Sunday Night QB: Simple scenario for UF

GAINESVILLE, Fla. -- It doesn’t get any simpler for Florida against Georgia on Saturday.

Beat the Bulldogs in the annual meeting between the SEC rivals in Jacksonville, Fla., and the Gators will be Eastern Division champions.

No if-then scenarios. No needing help. Just win and they’re guaranteed a spot in the Dec. 1 SEC championship game in Atlanta.

Georgia obviously has a lot at stake, too, but it’s not as simple a scenario for the Bulldogs. They have to beat Florida and then beat Ole Miss and Auburn to win the division title. They can lose to either the Rebels or the Tigers and still win the division, but that involves tiebreakers and getting help from the rest of the league.

That makes Saturday’s game at EverBank Field one of the biggest in series history.

"We're just looking at that as another steppingstone towards getting to Atlanta or another obstacle that we need to overcome," center Jonotthan Harrison said. "We're not going to look at any records. We're not going to look at any of the media or anything. We're going to play this team as if it's our last, as if it's a national championship."

Not quite, but a victory will keep the No. 2 Gators (7-0, 6-0 SEC) in contention. UF almost certainly will be favored when the odds are released, much like they have for most of the past 20-plus years.

Florida has won 18 of the past 22 meetings with Georgia, dating to 1990. The Bulldogs won last year’s game 24-20, thanks to an early fourth-quarter TD run by Richard Samuel and a drive that killed the final 5:32, but the Bulldogs haven’t won back-to-back games in the series since they won three in a row from 1987 to 1989.

Florida is now doing everything it didn’t do in that game last season. The Gators gave up 185 yards rushing to the Bulldogs. They’re allowing teams only 97.3 yards per game rushing this season.

The Gators were held to minus-19 yards rushing, in part because QB John Brantley was sacked six times for minus-43 yards. UF is averaging 212.7 yards per game rushing and has gained at least 142 yards rushing in all but one game. South Carolina just held the Gators to 89 yards on the ground.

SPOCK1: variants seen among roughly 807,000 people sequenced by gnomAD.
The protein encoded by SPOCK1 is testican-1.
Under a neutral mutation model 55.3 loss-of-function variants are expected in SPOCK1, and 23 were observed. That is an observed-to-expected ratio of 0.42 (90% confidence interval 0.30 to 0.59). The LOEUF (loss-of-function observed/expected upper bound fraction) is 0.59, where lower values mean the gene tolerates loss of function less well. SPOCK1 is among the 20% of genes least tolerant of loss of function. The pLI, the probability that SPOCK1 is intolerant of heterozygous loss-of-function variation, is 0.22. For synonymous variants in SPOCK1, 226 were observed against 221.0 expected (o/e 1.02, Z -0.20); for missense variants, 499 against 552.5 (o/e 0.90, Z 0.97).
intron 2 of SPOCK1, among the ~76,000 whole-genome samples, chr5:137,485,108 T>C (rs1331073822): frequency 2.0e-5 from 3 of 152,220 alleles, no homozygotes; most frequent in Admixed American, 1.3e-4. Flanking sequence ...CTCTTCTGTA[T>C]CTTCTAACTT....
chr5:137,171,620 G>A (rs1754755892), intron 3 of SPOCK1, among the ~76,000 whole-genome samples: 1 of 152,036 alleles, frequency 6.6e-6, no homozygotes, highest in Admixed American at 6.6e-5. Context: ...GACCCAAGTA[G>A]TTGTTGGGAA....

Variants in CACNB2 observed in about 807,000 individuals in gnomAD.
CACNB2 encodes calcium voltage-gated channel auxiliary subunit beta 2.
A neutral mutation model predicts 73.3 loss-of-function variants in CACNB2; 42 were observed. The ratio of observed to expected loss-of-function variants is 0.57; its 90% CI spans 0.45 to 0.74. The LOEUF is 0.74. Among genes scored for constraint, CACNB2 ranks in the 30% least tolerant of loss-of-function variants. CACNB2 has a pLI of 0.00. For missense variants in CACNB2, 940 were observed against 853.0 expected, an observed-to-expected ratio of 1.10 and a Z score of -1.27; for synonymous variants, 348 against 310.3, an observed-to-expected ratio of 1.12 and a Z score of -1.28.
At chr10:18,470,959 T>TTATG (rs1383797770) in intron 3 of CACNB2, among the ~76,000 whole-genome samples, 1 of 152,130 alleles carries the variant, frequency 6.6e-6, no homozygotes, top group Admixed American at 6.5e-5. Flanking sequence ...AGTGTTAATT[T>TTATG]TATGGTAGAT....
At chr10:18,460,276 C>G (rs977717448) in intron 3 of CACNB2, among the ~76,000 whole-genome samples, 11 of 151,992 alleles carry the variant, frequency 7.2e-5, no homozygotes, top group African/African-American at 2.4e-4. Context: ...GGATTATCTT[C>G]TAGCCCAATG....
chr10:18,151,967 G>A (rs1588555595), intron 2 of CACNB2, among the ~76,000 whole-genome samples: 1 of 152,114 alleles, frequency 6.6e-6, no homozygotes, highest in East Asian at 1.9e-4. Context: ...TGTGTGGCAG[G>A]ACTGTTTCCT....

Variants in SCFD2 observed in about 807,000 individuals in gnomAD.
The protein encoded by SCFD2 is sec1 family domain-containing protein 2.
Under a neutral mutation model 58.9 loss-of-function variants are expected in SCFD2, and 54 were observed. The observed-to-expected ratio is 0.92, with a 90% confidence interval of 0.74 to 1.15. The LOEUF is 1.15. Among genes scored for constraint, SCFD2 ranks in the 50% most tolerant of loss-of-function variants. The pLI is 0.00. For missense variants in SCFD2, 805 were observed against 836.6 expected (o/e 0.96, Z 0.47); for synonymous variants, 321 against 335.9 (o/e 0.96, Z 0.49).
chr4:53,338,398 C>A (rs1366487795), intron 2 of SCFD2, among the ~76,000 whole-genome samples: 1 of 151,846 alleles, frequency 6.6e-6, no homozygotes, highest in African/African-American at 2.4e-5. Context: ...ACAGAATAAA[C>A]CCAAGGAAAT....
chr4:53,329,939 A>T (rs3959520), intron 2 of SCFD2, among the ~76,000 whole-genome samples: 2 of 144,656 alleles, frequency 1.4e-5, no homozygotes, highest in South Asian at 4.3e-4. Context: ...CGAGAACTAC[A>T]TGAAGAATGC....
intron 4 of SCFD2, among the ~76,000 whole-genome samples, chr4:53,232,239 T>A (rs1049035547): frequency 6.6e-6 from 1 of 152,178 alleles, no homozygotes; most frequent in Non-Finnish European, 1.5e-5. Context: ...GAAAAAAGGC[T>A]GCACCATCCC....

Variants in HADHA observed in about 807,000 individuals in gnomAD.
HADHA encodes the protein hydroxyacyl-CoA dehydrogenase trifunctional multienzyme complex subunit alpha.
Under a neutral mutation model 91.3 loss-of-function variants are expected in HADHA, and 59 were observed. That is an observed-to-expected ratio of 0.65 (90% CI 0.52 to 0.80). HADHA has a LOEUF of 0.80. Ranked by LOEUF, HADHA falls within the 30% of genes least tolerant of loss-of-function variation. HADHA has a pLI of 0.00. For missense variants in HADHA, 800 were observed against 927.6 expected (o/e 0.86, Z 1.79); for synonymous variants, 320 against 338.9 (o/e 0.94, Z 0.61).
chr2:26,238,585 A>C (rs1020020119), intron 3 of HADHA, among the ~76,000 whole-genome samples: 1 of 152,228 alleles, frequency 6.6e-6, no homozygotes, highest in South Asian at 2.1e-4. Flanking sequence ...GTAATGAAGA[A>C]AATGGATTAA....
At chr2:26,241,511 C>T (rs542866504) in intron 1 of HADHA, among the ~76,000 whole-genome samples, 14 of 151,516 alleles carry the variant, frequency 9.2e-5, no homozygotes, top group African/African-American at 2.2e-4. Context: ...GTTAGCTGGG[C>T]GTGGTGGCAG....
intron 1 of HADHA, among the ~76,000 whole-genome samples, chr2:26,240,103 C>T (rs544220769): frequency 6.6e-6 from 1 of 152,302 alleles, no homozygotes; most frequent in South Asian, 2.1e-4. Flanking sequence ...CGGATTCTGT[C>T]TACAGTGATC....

Georgia held the ball 15 minutes longer than Florida in last year’s game. The Gators have an average time of possession advantage of more than eight minutes per game this season.

UF is nowhere close to being as inept as it was when the teams met last season.

"We understand now, and I think that’s the biggest thing," DT Sharrif Floyd said. "We understand what our coaches want from us. We understand what we want from each other and what we expect from each other. And we hold onto that standard.

"We don’t let anyone go below it and that’s just part of being a team, a family, a unit."

It’s also a big reason the Gators have the chance to win a division title, which is something not many people expected Florida to have this season. The Gators were picked to finish third in the division behind Georgia and South Carolina, and it certainly looked like that’s where the Gators were headed after the first six quarters of the season.

But the second-half turnaround against Texas A&M started Florida on the path to the division title, and this weekend it winds through Jacksonville.

"There was so much determination on the team," Harrison said. "There was so much focus. There was so much hard work in the offseason. We just came into the season approaching each game one at a time. One at a time, and we knew that we'd be successful.

"We had all the tools, all the keys to be a successful team and it’s just really showing right now."